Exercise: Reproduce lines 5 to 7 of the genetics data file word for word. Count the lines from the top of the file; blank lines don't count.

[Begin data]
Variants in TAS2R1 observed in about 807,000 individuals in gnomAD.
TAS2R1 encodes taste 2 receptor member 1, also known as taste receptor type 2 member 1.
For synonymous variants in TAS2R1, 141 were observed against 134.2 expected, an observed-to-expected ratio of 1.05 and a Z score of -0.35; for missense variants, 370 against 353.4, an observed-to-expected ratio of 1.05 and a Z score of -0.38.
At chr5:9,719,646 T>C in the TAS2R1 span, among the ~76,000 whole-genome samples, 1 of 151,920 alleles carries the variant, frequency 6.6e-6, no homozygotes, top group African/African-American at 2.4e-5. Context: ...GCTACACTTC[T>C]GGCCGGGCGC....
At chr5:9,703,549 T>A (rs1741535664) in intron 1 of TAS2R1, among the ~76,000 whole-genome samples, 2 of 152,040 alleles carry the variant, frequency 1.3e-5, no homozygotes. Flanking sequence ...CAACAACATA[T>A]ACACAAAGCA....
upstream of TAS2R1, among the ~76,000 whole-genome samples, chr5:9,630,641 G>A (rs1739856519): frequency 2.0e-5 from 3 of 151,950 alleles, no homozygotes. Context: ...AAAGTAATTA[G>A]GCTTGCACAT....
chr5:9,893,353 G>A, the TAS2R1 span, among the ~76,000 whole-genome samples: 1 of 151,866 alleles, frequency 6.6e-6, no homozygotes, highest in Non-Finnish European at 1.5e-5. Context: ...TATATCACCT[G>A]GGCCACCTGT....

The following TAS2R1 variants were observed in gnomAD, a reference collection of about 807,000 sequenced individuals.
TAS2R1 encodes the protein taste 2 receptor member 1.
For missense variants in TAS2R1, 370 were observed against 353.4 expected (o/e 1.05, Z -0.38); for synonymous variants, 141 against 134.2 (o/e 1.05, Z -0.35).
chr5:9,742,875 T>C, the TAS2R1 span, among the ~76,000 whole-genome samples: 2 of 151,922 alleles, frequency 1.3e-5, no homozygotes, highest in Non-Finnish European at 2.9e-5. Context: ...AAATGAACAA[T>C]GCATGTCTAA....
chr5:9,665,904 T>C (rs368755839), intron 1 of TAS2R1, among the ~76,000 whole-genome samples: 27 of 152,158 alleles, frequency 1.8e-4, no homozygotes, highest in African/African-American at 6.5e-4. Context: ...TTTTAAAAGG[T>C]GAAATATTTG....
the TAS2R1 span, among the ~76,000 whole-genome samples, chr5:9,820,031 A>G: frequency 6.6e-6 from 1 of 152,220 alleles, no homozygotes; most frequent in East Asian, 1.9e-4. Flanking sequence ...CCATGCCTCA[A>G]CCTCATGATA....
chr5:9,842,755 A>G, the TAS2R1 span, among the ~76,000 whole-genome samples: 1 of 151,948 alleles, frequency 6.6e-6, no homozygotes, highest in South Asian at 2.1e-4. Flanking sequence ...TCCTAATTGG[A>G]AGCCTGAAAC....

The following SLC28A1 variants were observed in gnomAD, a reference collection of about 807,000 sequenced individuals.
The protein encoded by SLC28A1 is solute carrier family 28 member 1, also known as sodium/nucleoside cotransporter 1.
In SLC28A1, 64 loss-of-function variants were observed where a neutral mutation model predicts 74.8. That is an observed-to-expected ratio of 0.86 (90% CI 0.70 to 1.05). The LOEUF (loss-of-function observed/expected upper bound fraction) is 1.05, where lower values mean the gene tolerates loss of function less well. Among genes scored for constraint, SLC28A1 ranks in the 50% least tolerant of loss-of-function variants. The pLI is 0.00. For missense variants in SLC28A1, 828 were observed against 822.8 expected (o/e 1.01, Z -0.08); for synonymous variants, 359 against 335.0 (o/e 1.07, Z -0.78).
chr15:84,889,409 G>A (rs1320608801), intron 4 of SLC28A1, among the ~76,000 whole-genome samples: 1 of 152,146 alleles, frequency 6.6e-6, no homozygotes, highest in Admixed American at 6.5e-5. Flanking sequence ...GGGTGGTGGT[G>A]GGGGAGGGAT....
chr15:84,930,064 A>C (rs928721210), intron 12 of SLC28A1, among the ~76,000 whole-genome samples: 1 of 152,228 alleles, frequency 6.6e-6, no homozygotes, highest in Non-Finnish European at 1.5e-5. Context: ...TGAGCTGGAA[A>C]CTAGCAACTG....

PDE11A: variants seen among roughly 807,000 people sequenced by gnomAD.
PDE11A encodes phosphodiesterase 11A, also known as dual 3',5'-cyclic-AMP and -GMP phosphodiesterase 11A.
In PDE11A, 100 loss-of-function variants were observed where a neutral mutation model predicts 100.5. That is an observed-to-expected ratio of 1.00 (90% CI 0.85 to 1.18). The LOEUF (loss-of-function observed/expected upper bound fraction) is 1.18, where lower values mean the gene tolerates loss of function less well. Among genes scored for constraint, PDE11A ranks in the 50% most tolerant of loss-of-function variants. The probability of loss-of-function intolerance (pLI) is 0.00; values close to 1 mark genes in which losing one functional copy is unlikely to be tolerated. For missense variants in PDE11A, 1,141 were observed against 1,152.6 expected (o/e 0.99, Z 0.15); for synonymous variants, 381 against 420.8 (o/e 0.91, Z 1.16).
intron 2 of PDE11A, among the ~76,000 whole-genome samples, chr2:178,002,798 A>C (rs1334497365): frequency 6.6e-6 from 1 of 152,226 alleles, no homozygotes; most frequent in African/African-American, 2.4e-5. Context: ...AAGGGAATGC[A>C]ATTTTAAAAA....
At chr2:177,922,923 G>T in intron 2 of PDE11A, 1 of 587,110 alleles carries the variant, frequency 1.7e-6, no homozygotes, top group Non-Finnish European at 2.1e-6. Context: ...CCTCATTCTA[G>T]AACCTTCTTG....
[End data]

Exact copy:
At chr5:9,703,549 T>A (rs1741535664) in intron 1 of TAS2R1, among the ~76,000 whole-genome samples, 2 of 152,040 alleles carry the variant, frequency 1.3e-5, no homozygotes. Flanking sequence ...CAACAACATA[T>A]ACACAAAGCA....
upstream of TAS2R1, among the ~76,000 whole-genome samples, chr5:9,630,641 G>A (rs1739856519): frequency 2.0e-5 from 3 of 151,950 alleles, no homozygotes. Context: ...AAAGTAATTA[G>A]GCTTGCACAT....
chr5:9,893,353 G>A, the TAS2R1 span, among the ~76,000 whole-genome samples: 1 of 151,866 alleles, frequency 6.6e-6, no homozygotes, highest in Non-Finnish European at 1.5e-5. Context: ...TATATCACCT[G>A]GGCCACCTGT....